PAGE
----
Announcing MSU’s EdTech Hybrid PhD

Last fall, Sara and I had opportunity to sit in on some conversations about MSU’s EdTech Hybrid PhD program, and Punya Mishra has recently written about this on his blog:

And finally, if you still aren’t satisfied… you can also work towards a Ph.D in Educational Psychology and Educational Technology! (Link updated 9/17/2012) Designed for bright, established professionals currently serving in K-12 schools, community colleges, universities, policy centers, and research institutions, the goal of the Ph.D. program in Educational Psychology & Educational Technology is to prepare the next generation of educational leaders with the requisite skills to direct learning as it forges forth at the intersection of the growing world of digital media, online learning environments and traditional face-to-face practice.  You can complete the Ph.D. program either on-campus in East Lansing (with graduate assistantship or fellowship support) or, (and this is the most exciting) keep your day-job, and complete the program over summers, with courses taken online, in a new cohort-based hybrid option. You can read my initial abut this here.

Exciting!! Edupunk refresher, hybrid PhD & more…

Curt Bonk, author of The World Is Open, a book I am reading right now, also interviews Punya on his blog.

As I continue to think more and more about the possibilities of online learning, especially hybrid models, I will be curious to see how this doctoral program develops, both personally (as an alum of MSU and the spouse of a current student) and a professional interested in what we can offer through our own writing project. Best of luck to my colleagues and friends at MSU!

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Reflections on Transformative Technology Integration

An NWP colleague, Natalie Bernasconi from the Central California Writing Project, recently sent an email with some questions:

I’m interested in how infusing technology into the classroom as exemplified by Youth Voices and other initiatives changes the way teachers see their own role and their own identity.

I’m also interested in examining the relationship between teachers’ sense of identity and their pedagogical philosophy (and how technology can cause that to shift). There are the cliched metaphors: sage on the stage, guide on the side. If you were to select a metaphor for how you see your own role as a teacher, what would you pick?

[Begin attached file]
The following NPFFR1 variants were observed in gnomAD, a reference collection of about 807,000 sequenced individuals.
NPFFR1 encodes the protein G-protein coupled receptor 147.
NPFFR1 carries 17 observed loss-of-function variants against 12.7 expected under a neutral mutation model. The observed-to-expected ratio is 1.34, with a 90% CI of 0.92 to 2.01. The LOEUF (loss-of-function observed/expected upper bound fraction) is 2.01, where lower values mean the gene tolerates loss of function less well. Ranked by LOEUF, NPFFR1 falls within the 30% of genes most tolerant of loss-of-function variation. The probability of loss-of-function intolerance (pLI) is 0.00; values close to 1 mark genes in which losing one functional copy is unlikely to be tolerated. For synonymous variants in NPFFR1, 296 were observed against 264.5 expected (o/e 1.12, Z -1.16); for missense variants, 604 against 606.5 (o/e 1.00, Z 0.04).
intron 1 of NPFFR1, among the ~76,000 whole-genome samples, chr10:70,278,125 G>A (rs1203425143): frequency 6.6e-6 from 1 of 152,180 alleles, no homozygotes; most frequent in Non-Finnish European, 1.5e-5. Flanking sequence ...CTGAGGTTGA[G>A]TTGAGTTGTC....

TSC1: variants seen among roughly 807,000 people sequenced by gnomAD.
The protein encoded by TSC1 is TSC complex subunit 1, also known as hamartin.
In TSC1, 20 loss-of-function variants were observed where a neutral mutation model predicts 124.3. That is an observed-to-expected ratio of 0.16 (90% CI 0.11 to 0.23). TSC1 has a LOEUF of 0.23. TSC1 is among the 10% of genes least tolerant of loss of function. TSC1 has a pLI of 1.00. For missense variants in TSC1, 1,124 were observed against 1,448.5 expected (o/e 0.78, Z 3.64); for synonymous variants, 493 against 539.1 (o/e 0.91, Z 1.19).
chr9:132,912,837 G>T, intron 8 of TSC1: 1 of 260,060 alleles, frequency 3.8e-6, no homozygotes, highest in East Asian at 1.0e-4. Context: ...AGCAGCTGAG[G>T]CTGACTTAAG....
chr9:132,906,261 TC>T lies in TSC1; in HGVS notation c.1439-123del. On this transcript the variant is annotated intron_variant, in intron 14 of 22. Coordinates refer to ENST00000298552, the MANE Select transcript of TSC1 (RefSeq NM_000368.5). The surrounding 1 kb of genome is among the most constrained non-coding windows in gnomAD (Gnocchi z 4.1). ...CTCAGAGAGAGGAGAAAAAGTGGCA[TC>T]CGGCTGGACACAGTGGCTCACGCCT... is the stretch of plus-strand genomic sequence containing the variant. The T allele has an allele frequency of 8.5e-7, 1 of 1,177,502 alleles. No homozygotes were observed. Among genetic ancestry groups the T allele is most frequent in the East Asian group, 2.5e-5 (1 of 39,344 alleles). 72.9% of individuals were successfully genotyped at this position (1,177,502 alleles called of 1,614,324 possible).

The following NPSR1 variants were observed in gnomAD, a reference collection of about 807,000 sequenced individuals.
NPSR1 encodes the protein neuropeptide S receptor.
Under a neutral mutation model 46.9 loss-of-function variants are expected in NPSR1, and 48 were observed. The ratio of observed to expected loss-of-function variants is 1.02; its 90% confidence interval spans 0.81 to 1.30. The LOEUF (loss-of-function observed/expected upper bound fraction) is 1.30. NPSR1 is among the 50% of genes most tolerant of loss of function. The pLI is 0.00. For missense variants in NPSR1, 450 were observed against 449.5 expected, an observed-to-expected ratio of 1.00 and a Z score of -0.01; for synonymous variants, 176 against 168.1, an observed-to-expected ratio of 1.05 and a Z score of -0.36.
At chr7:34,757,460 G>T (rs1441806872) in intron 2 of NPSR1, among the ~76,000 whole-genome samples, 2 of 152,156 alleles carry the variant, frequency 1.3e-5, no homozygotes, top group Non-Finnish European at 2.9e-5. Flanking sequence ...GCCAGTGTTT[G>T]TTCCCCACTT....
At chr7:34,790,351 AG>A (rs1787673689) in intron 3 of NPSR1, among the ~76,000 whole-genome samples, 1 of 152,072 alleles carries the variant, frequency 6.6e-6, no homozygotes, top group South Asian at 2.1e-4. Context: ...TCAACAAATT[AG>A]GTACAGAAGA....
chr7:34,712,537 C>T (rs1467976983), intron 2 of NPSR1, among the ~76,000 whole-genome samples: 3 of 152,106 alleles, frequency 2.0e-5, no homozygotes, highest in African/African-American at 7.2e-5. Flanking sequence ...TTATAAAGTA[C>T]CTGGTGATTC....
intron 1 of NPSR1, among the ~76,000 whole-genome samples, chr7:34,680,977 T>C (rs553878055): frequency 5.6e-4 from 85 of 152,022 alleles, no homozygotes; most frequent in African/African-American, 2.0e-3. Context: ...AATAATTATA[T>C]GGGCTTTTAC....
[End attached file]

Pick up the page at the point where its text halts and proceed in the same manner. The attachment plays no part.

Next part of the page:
And, here is my response…

Looking at the idea of transformative technology integration and how teachers see their own role and identity, I think that the biggest shift for me comes when teachers stop looking at it as “integration” of technology and just see it as a part of their teaching.

At risk of being glib, I will characterize the shift that I see as this… most teachers that I encounter, when beginning a class or a professional development initiative claim to be “not very techie,” even if, in fact, they are. I think that this stems from two causes. One, they simply don’t feel confident in the technology that they do know, even though they may know a great deal about it; they don’t want to risk looking like they don’t know something in front of students. Second, they see barriers to technology use (filters, software, hardware), and, for a variety of reasons, choose not to advocate on their own behalf for getting access to that technology for them and their students. Again, I don’t mean to generalize and criticize, it’s just this is the pattern that I generally see.

To that end, when teachers finally gain some confidence, then also take the risk and invite students to work with technology (even if they do now know it well themselves). Once they experience some successes, they begin to just think about what they are teaching and the technology becomes a part of that conversation, not just as an after-thought or as an add-on. At that point, it is not so much about the technology, but about the literacy practices that the technologies enable.

Looking at the idea of a teacher’s sense of identity and their pedagogical philosophy, I suppose that I would talk most about the work that I did with seven Red Cedar Writing Project teachers for my dissertation project. In that project, they created digital portfolios that represented their teacher research through digital portfolios. Once they took that intentional focus to represent their own identity through a website, it became clear that they had to think not only about design, colors, and fonts, they also had to ask pedagogical and ethical questions that then showed up in their work. We wrote two articles about this process, on for English Journal and one for the Journal of Adolescent and Adult Literacy. Also, you will want to look at some of the work on Technological Pedagogical Content Knowledge (TPACK).

My metaphor. Oh boy… I suppose that those models of guide on the side and other ones like that are overused. So, the one that I keep coming back to when I work with teachers is that we are all on a ladder, learning more and more about technology and literacy each day. Typically, what happens is that I find myself on one rung of the ladder, usually just a few steps (or less) ahead of the teachers with whom I am working. Then, they begin climbing as we go through a PD experience and, eventually, they ask me a question that I don’t know the answer too, a rung or two above where I am at. So, I reach, and I learn, and I come back and teach them more. Then they climb. Then they ask. Then I climb, and so on. So, we keep climbing the ladder, sometimes pulling and sometimes pushing, but most of the time simply climbing in tandem. I hope that makes sense.

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